If you’ve ever been fortunate enough to witness the midnight sun as it bobbles above the northern horizon you’ll agree that it’s a rather special sight. Our sun is not supposed to behave like that!

Here’s a clip from the BBC of a polar ‘sunset’, accompanied perfectly by the haunting sounds of Pink Floyd:

So just how far north do you need to go to experience this most majestic of natural phenomena? Well, the further above the Arctic circle you are, the longer the midnight sun will last. For example, if you’re standing on the Arctic Circle itself you’ll witness the midnight sun on the summer equinox and a day or two either side (maybe June 20-23); travel up to Tromso a few hundred kilometres north and the longest day lasts from the 18th of May to the 26th July. On the Norwegian outpost of Svalbard the sun rises in late April and doesn’t set again until the end of August!

It is a strange sensation to wander through a town in the middle of the night in broad daylight. I experienced the midnight sun first in Narvik as a backpacking teenager and remember feeling quite disorientated coming out of a bar at 2am and seeing the sunshine (I blame this feeling on the midnight sun but that may be only part of the story). It was also quite difficult to get to sleep knowing that it was daytime outside.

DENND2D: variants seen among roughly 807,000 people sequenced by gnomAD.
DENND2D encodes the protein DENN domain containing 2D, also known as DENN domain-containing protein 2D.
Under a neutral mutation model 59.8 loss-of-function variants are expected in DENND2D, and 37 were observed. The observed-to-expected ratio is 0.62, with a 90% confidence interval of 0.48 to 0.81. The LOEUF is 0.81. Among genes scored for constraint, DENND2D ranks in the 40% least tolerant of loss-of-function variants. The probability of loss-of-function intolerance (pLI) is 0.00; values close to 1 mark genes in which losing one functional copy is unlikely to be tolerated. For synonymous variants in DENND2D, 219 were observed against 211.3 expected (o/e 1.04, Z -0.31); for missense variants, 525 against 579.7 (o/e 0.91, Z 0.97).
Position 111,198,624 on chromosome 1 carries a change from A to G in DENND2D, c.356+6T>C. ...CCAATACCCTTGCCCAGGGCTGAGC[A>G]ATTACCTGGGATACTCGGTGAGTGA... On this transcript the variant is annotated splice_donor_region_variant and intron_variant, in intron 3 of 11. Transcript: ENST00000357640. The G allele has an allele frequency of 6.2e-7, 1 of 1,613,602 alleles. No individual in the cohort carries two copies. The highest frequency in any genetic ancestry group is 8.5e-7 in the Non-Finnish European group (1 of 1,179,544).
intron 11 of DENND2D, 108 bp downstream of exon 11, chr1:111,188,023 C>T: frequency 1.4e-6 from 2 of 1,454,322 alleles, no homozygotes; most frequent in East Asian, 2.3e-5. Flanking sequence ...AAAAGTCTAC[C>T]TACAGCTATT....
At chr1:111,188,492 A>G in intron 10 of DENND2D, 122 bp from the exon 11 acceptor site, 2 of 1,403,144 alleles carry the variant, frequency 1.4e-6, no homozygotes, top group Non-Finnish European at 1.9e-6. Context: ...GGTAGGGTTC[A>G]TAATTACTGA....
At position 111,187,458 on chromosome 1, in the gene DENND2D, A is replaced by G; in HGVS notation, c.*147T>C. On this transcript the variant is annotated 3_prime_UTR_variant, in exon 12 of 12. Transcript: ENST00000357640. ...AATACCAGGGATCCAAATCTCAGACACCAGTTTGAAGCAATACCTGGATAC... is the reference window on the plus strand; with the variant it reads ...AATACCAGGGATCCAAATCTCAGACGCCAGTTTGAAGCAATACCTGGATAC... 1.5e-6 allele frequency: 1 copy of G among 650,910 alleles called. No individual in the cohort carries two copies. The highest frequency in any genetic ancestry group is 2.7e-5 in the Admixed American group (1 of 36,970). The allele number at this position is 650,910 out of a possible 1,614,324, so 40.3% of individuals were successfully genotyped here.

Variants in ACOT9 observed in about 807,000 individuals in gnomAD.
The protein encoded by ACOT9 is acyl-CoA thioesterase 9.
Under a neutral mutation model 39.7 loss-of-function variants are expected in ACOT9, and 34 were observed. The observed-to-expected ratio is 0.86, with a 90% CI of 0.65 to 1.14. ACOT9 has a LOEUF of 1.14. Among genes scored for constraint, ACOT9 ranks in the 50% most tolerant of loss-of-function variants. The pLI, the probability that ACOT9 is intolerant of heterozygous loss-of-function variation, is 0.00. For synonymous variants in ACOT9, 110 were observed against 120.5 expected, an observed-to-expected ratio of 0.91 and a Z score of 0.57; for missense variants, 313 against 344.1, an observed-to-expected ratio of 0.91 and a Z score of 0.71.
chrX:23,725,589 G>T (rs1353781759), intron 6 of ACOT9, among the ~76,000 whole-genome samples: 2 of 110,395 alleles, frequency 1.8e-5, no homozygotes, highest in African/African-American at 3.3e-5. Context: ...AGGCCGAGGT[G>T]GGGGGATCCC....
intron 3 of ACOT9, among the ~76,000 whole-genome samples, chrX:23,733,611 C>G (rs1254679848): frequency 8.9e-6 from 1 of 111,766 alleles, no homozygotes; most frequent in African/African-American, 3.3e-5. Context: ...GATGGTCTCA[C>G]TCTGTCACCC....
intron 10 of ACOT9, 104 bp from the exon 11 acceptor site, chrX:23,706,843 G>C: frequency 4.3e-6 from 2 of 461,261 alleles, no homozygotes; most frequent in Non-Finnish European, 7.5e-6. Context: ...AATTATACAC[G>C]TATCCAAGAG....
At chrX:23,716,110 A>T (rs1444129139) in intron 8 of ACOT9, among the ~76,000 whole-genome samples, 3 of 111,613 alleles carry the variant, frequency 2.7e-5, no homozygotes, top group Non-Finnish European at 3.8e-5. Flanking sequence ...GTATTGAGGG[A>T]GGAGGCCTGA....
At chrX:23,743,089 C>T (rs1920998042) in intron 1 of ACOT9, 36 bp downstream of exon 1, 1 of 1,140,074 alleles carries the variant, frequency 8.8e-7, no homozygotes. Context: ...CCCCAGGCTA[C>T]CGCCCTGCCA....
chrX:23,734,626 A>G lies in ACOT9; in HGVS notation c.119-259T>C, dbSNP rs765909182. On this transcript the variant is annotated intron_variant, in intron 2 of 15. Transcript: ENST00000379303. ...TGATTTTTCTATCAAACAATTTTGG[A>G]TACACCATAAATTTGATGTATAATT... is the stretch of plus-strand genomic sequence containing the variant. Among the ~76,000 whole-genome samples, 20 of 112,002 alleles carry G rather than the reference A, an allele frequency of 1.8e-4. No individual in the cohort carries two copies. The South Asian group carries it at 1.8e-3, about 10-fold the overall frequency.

As a visitor there are obvious benefits to 24 hour daylight. You can sit outdoors and admire the views all night long (and it does get warmer up there than you might expect); and travelling from place to place even on some of the more rural dirt-tracks is far less daunting in good light.

Of course, the residents of these northern regions pay the price for their summer solar excess in the winter when the sun disappears for the corresponding length of time. Visiting at these times is harsh unless you come with the express reason of seeing the northern lights or just experiencing the endless winter night.

The midnight sun is a strange quirk that’s down to the earth’s axial tilt (let’s leave the technical stuff at that). It’s well worth observing at least once in your lifetime and there’s an added bonus to making the journey to the land where the sun doesn’t set. The polar regions happen to boast some of the most stunning areas of natural beauty on the planet.

by Andy Jarosz